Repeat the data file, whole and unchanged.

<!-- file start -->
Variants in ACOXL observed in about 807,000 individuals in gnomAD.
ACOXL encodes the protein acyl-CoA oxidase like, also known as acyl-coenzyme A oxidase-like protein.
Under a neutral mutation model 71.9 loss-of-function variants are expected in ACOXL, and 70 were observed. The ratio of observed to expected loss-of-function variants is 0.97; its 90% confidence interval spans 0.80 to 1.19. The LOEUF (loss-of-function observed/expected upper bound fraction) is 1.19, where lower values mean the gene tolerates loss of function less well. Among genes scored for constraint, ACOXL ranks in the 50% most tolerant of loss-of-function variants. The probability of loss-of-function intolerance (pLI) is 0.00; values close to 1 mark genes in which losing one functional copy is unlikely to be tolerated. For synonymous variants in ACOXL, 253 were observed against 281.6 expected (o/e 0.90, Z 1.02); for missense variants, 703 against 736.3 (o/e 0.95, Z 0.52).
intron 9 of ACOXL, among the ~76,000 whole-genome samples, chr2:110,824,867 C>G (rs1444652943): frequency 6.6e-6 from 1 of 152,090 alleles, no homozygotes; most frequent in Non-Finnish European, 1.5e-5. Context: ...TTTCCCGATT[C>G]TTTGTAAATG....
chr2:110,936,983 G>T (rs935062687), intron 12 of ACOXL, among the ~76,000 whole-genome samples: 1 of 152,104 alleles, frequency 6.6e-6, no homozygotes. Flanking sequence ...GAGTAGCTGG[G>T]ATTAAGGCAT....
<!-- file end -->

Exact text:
Variants in ACOXL observed in about 807,000 individuals in gnomAD.
ACOXL encodes the protein acyl-CoA oxidase like, also known as acyl-coenzyme A oxidase-like protein.
Under a neutral mutation model 71.9 loss-of-function variants are expected in ACOXL, and 70 were observed. The ratio of observed to expected loss-of-function variants is 0.97; its 90% confidence interval spans 0.80 to 1.19. The LOEUF (loss-of-function observed/expected upper bound fraction) is 1.19, where lower values mean the gene tolerates loss of function less well. Among genes scored for constraint, ACOXL ranks in the 50% most tolerant of loss-of-function variants. The probability of loss-of-function intolerance (pLI) is 0.00; values close to 1 mark genes in which losing one functional copy is unlikely to be tolerated. For synonymous variants in ACOXL, 253 were observed against 281.6 expected (o/e 0.90, Z 1.02); for missense variants, 703 against 736.3 (o/e 0.95, Z 0.52).
intron 9 of ACOXL, among the ~76,000 whole-genome samples, chr2:110,824,867 C>G (rs1444652943): frequency 6.6e-6 from 1 of 152,090 alleles, no homozygotes; most frequent in Non-Finnish European, 1.5e-5. Context: ...TTTCCCGATT[C>G]TTTGTAAATG....
chr2:110,936,983 G>T (rs935062687), intron 12 of ACOXL, among the ~76,000 whole-genome samples: 1 of 152,104 alleles, frequency 6.6e-6, no homozygotes. Flanking sequence ...GAGTAGCTGG[G>T]ATTAAGGCAT....